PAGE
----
Considering Matisse's subsequent fame as a figure painter, it is remarkable that through the first decade of his career major nude academies, whether male or female, are few in number in his work.
It was not until 1900 that he undertook major figure studies, but then they quickly came to predominate. The especially monumental Male Model, or Serf, is one of the finest of the early works
and is intimately related to his early explorations in sculpture, the bronze Slave being a companion work in that genre.
There is a certain temptation to label this Matisse's "blue" period, thinking of a superficially similar phase that was shortly to overtake Pablo Picasso. However, the two artists' intentions are so radically opposed (nor had they met at the time) that it is misleading to use this label for Matisse's work, except in a very restricted way.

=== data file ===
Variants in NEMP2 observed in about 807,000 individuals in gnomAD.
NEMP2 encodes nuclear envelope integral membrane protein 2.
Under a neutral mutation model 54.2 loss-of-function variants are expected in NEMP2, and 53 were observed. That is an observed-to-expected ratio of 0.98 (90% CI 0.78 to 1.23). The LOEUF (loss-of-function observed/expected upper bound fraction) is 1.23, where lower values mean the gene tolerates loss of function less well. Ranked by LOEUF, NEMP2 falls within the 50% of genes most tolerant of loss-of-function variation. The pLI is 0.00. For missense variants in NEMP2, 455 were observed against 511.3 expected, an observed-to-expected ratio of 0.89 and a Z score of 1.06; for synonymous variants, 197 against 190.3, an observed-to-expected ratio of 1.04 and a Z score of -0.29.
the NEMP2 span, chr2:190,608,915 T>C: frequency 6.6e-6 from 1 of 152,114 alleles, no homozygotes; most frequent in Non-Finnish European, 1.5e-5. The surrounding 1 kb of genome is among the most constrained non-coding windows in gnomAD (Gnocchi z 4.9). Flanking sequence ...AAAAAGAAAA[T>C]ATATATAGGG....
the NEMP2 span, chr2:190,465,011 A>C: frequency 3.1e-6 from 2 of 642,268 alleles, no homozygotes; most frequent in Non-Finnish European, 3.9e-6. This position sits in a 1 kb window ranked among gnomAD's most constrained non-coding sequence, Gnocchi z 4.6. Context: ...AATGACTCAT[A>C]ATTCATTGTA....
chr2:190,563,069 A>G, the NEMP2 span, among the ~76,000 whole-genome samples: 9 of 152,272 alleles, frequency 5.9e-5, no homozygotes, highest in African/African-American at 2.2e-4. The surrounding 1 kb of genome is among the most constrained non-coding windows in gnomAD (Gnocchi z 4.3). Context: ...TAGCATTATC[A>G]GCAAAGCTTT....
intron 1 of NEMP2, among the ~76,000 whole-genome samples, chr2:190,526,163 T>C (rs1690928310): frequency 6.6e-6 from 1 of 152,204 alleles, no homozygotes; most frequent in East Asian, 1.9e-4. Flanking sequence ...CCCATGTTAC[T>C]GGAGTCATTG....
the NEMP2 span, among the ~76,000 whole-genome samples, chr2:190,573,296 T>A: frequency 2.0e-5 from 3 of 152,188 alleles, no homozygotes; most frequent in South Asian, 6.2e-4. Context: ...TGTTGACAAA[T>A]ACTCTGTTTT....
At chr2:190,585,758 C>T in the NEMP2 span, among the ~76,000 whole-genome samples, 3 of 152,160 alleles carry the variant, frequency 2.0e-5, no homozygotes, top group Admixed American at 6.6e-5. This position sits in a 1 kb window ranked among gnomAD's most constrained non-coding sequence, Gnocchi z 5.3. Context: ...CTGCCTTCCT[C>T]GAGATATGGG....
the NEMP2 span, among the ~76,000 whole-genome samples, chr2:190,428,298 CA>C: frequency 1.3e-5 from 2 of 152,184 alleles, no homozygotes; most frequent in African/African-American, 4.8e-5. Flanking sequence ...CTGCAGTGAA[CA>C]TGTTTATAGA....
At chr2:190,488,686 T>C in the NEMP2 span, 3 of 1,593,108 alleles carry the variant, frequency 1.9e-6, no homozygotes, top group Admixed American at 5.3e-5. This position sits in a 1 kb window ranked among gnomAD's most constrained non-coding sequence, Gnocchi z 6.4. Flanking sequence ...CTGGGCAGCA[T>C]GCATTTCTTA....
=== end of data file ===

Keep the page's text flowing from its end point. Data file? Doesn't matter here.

The painted version of the serf seems literally sculpted on the canvas, and the same is almost as true of the heavy swatches of blue, green, and ocher that form a far from neutral background. The planes of the body are brutal in their generality, as is the abruptness of their intersections in space. A remarkably intense contrast is formed between the high-hued yet somber interior and the highlights bathing most of the model's body.
In this early work such violent coloristic juxtaposition is moderated by the artist's intense concern for an illusion of bodily mass, with its receding and advancing planes of space. It is interesting to reflect that in works like this of about 1900, Matisse seems closer to a kind of Proto-Cubism than Picasso, whose works, of the Blue Period were to stress expressive and pathetic arabesques rather than structural masses. Ironically, the two artists were to move in mutually contradictory directions in the evolution of their early careers: Picasso toward an increasingly ponderous figure style leading ultimately to the Les Demoiselles d'Avignon (1907) and Matisse toward an increasing reduction of the inner modeling of the figure, with a greater reliance on the shaping power of decorative arabesques and ringing dolor contrasts.
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